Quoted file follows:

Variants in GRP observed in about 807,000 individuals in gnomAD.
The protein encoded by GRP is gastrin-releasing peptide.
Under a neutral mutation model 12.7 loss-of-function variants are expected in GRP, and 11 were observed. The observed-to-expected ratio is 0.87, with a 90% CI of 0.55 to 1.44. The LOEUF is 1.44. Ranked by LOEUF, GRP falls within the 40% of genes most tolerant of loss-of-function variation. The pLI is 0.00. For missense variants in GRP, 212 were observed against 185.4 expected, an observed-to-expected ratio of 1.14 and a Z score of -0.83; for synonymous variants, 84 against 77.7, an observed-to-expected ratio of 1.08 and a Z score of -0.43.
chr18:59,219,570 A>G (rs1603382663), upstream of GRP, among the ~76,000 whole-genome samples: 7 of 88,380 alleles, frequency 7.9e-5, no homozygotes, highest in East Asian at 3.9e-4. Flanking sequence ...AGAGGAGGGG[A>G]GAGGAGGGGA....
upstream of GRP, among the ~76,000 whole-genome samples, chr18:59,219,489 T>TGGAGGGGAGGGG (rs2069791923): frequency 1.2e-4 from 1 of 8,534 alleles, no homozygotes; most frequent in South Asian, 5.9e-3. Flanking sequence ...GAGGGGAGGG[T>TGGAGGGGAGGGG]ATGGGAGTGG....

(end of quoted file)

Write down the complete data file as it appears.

Variants in GRP observed in about 807,000 individuals in gnomAD.
The protein encoded by GRP is gastrin-releasing peptide.
Under a neutral mutation model 12.7 loss-of-function variants are expected in GRP, and 11 were observed. The observed-to-expected ratio is 0.87, with a 90% CI of 0.55 to 1.44. The LOEUF is 1.44. Ranked by LOEUF, GRP falls within the 40% of genes most tolerant of loss-of-function variation. The pLI is 0.00. For missense variants in GRP, 212 were observed against 185.4 expected, an observed-to-expected ratio of 1.14 and a Z score of -0.83; for synonymous variants, 84 against 77.7, an observed-to-expected ratio of 1.08 and a Z score of -0.43.
chr18:59,219,570 A>G (rs1603382663), upstream of GRP, among the ~76,000 whole-genome samples: 7 of 88,380 alleles, frequency 7.9e-5, no homozygotes, highest in East Asian at 3.9e-4. Flanking sequence ...AGAGGAGGGG[A>G]GAGGAGGGGA....
upstream of GRP, among the ~76,000 whole-genome samples, chr18:59,219,489 T>TGGAGGGGAGGGG (rs2069791923): frequency 1.2e-4 from 1 of 8,534 alleles, no homozygotes; most frequent in South Asian, 5.9e-3. Flanking sequence ...GAGGGGAGGG[T>TGGAGGGGAGGGG]ATGGGAGTGG....